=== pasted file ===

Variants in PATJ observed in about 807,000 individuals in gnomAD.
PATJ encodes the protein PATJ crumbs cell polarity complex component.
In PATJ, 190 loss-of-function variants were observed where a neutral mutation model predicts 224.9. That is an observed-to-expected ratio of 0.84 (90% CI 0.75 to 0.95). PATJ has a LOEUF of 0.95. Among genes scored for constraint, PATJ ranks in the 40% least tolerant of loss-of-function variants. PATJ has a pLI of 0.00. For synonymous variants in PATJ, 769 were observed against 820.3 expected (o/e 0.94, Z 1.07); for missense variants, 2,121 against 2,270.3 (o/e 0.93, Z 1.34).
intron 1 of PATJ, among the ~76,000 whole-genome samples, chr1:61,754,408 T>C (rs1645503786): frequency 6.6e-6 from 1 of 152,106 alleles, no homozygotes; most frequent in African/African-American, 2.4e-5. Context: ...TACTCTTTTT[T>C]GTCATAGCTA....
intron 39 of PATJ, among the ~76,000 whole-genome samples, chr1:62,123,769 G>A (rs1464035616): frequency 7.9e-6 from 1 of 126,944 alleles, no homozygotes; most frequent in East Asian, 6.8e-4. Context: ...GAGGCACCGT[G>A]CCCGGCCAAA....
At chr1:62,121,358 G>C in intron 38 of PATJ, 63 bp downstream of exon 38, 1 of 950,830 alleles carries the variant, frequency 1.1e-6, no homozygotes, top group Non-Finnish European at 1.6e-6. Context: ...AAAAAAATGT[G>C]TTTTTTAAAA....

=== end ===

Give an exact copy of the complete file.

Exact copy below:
Variants in PATJ observed in about 807,000 individuals in gnomAD.
PATJ encodes the protein PATJ crumbs cell polarity complex component.
In PATJ, 190 loss-of-function variants were observed where a neutral mutation model predicts 224.9. That is an observed-to-expected ratio of 0.84 (90% CI 0.75 to 0.95). PATJ has a LOEUF of 0.95. Among genes scored for constraint, PATJ ranks in the 40% least tolerant of loss-of-function variants. PATJ has a pLI of 0.00. For synonymous variants in PATJ, 769 were observed against 820.3 expected (o/e 0.94, Z 1.07); for missense variants, 2,121 against 2,270.3 (o/e 0.93, Z 1.34).
intron 1 of PATJ, among the ~76,000 whole-genome samples, chr1:61,754,408 T>C (rs1645503786): frequency 6.6e-6 from 1 of 152,106 alleles, no homozygotes; most frequent in African/African-American, 2.4e-5. Context: ...TACTCTTTTT[T>C]GTCATAGCTA....
intron 39 of PATJ, among the ~76,000 whole-genome samples, chr1:62,123,769 G>A (rs1464035616): frequency 7.9e-6 from 1 of 126,944 alleles, no homozygotes; most frequent in East Asian, 6.8e-4. Context: ...GAGGCACCGT[G>A]CCCGGCCAAA....
At chr1:62,121,358 G>C in intron 38 of PATJ, 63 bp downstream of exon 38, 1 of 950,830 alleles carries the variant, frequency 1.1e-6, no homozygotes, top group Non-Finnish European at 1.6e-6. Context: ...AAAAAAATGT[G>C]TTTTTTAAAA....